The 2008 financial crash kick started the idea of “better regulation”, how can regulators improve the market in which they operate but also support customers and ensure that all customers within their respective market are treated fairly. Of course, the idea of Treating Customers Fairly is embedded within the Financial Conduct Authority’s “Principles”, all customers should receive a good quality service and expect to meet 6 Outcomes. However, other regulators are slow to catch up on the idea of “better regulation” and are still treading water ensuring procedure is followed regardless of consumer detriment.
It’s fair to state that the FCA govern the outcomes rather than the procedural requirements. For example, a firm’s attitude to risk should be based on the outcomes their customers receive. If a customer doesn’t receive X procedural statement, has that customer reached a poor outcome than had they received that information? If they had then this would be a breach of the ethos of the FCA. If the customer had received a good outcome regardless, this may be a breach of the FCA’s procedural requirements, however, due to the customer being in a better position than if they had been without the service it’s difficult to argue this was a “breach” in the sense which should be prohibited.
For example, within the consumer credit sector a requirement of the FCA is for lenders to provide their customers with forbearance when the customer falls into arrears. This requirement is to ensure that customers receive due support and care to pay their debts (in essence increasing the amount recoverable by firms than if they had not applied forbearance – a trait many firms forget). One of these procedural requirements, linked to forbearance is notifying the customer of free debt advice. Using the above analysis not providing the customer with notice of areas of free debt advice, will amount to the customer obtaining a worse outcome than if they had provided that information. For example, they may have been eligible for an IVA but due to the lenders’ inability to notify the customer of free sources of debt advice, they do not enter an IVA and are in a worse position than they would have been had they received the advice. Hence a breach of the customer Outcomes.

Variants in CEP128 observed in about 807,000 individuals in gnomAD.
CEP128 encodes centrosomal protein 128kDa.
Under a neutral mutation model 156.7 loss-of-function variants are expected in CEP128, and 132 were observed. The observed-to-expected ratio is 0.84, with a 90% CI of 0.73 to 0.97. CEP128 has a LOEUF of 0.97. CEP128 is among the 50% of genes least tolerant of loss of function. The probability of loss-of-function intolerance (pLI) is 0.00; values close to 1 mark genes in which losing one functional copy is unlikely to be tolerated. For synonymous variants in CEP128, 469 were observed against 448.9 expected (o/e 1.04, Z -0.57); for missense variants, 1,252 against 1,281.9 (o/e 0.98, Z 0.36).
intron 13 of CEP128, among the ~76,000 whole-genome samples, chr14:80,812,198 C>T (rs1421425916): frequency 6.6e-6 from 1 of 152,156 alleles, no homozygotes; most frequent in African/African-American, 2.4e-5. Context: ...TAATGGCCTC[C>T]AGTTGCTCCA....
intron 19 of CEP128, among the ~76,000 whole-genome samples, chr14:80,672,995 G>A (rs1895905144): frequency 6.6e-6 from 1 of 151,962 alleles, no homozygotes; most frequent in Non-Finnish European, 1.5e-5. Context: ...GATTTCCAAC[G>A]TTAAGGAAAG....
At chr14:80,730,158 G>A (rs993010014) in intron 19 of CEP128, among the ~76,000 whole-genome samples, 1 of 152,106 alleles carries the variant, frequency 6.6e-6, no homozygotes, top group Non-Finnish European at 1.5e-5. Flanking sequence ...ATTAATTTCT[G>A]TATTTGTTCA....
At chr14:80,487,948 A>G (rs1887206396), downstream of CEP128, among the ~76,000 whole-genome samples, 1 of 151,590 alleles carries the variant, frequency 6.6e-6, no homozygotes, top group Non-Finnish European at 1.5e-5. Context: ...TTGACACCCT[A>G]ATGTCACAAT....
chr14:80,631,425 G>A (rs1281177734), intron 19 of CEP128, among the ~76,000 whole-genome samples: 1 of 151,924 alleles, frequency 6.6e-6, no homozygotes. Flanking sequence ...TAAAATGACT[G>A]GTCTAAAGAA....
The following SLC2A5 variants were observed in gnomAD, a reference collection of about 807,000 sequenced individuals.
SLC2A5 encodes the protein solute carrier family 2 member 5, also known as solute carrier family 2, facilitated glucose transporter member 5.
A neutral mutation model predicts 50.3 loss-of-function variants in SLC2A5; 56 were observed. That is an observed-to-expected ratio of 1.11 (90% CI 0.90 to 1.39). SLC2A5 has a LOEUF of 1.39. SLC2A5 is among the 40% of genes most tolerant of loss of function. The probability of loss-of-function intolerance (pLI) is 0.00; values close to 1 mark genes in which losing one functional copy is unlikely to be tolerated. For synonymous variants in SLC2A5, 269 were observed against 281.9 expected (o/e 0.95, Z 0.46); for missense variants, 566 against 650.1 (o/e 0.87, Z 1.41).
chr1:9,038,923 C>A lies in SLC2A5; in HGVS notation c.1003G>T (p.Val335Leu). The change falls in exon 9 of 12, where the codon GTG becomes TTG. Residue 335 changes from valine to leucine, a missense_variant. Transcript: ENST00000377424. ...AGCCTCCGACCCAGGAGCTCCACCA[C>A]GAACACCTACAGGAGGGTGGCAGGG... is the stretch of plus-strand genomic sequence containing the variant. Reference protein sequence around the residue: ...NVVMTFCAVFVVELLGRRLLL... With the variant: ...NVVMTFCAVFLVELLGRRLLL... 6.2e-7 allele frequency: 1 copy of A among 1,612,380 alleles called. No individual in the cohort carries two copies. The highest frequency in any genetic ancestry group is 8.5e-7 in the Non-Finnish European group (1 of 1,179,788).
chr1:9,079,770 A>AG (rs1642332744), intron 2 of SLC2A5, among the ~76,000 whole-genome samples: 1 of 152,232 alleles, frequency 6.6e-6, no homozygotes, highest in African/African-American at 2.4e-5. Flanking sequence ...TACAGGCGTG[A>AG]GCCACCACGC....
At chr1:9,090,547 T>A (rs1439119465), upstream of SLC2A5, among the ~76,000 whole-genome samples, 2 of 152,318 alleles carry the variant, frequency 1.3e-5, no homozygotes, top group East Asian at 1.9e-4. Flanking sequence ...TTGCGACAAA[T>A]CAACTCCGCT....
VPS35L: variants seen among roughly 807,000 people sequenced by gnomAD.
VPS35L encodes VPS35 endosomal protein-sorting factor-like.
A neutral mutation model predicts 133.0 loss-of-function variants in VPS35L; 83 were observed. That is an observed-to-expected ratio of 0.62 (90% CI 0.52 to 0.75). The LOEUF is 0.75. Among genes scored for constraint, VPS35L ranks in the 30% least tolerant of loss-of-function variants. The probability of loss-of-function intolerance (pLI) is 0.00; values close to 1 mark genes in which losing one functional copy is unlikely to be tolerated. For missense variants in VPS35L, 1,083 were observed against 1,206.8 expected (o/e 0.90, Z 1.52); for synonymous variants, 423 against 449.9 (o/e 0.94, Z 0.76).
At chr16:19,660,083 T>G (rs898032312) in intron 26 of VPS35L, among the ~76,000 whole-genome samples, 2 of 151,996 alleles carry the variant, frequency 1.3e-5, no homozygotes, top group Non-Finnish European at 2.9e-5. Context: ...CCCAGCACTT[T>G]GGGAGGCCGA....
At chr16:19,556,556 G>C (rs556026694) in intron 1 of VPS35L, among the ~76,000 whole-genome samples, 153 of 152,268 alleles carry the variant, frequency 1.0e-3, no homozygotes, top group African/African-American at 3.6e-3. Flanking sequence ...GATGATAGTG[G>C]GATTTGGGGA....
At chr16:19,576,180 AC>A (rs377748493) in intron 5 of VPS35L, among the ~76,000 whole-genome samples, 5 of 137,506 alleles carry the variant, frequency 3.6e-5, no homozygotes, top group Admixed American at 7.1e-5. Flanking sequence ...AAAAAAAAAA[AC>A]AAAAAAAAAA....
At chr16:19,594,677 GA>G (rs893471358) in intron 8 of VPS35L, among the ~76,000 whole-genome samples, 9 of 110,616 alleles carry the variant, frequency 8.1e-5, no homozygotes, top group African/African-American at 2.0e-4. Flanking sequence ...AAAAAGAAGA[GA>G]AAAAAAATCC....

Although the above is besides the point at hand, it demonstrates that the regulations are designed to improve the outcomes of the customer, they are not designed to be “procedural” rules that have to be met at all times. The rules are designed to complement the Outcomes, not inhibit them.
The Procedural Effect
The idea of “better regulation” has not yet met the Information Commissioner’s Office, although this is not entirely their fault as they do not have the tools to provide “better regulation”, they do stick to procedural requirements with no scope for providing better outcomes for customers.
For example, let’s focus on one area of the GDPR (subsequently enforced by the ICO) and this area being automated decision making, for example, a programme which is based on machine learning takes all the data of the population, understands spending habits, incomes, expenditure, ethnicity, the religion of the population. From this the machine makes data inferences, for example, “do not lend money to consumers who were born in ABCDEFG” (this being in our hypothetical situation people originally born in ABCDEFG do not pay their debt). So, when a citizen applies for a loan who is from ABCDEFG they will be ineligible straight away.